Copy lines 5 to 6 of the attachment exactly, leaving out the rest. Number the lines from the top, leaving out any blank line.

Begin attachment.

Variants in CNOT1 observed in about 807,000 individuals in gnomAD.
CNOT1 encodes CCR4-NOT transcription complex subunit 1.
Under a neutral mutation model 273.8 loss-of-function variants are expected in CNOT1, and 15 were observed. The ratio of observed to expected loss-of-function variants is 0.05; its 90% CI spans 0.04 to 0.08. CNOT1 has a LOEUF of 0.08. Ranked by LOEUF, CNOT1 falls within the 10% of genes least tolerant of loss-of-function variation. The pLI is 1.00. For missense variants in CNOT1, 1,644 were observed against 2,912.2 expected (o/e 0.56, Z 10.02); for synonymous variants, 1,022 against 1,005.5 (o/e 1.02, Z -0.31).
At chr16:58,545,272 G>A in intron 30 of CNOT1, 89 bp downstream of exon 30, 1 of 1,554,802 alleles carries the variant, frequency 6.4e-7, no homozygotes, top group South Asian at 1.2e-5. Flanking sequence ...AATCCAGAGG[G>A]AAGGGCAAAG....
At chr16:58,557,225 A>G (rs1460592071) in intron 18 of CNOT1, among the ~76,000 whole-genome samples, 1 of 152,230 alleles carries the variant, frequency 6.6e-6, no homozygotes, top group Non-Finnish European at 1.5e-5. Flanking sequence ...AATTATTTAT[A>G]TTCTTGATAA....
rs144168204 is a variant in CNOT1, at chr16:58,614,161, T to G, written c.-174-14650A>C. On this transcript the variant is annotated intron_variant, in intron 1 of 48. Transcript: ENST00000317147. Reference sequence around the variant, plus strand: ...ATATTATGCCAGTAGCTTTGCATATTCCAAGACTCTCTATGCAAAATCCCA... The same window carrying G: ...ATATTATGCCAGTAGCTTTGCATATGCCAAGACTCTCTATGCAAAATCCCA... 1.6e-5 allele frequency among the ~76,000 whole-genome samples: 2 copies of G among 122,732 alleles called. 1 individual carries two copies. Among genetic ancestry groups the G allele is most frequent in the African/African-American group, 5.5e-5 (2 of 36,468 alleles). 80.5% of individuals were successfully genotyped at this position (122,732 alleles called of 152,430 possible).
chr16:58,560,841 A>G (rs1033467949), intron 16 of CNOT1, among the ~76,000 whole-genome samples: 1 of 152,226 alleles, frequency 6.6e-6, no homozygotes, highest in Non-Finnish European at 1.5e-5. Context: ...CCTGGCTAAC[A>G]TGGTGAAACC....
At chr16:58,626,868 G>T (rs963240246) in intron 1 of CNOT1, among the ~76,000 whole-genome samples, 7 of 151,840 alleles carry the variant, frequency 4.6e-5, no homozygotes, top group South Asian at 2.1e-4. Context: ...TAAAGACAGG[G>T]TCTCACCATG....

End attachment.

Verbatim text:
At chr16:58,557,225 A>G (rs1460592071) in intron 18 of CNOT1, among the ~76,000 whole-genome samples, 1 of 152,230 alleles carries the variant, frequency 6.6e-6, no homozygotes, top group Non-Finnish European at 1.5e-5. Flanking sequence ...AATTATTTAT[A>G]TTCTTGATAA....
rs144168204 is a variant in CNOT1, at chr16:58,614,161, T to G, written c.-174-14650A>C. On this transcript the variant is annotated intron_variant, in intron 1 of 48. Transcript: ENST00000317147. Reference sequence around the variant, plus strand: ...ATATTATGCCAGTAGCTTTGCATATTCCAAGACTCTCTATGCAAAATCCCA... The same window carrying G: ...ATATTATGCCAGTAGCTTTGCATATGCCAAGACTCTCTATGCAAAATCCCA... 1.6e-5 allele frequency among the ~76,000 whole-genome samples: 2 copies of G among 122,732 alleles called. 1 individual carries two copies. Among genetic ancestry groups the G allele is most frequent in the African/African-American group, 5.5e-5 (2 of 36,468 alleles). 80.5% of individuals were successfully genotyped at this position (122,732 alleles called of 152,430 possible).